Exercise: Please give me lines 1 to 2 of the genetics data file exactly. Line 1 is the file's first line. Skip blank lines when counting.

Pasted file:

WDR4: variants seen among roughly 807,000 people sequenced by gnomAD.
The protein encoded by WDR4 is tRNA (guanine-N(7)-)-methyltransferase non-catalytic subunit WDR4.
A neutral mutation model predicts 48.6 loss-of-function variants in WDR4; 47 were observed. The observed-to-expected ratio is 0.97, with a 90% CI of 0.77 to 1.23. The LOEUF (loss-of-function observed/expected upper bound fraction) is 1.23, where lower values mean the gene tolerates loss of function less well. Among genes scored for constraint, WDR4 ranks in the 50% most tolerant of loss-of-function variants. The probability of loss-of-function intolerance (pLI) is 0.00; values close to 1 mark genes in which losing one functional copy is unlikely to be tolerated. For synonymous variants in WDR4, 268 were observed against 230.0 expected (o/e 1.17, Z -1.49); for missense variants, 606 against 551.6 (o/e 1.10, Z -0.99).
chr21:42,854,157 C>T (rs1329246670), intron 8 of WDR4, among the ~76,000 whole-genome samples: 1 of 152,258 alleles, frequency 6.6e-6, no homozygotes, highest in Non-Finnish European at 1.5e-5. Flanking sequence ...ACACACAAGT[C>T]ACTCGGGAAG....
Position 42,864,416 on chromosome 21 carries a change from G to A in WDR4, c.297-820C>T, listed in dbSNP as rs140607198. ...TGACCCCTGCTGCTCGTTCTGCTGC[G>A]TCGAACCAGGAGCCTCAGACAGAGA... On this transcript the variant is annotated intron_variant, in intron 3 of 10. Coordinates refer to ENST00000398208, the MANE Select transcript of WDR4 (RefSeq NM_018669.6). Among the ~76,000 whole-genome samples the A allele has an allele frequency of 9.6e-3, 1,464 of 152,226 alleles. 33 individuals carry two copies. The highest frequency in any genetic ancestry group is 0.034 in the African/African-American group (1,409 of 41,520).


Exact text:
WDR4: variants seen among roughly 807,000 people sequenced by gnomAD.
The protein encoded by WDR4 is tRNA (guanine-N(7)-)-methyltransferase non-catalytic subunit WDR4.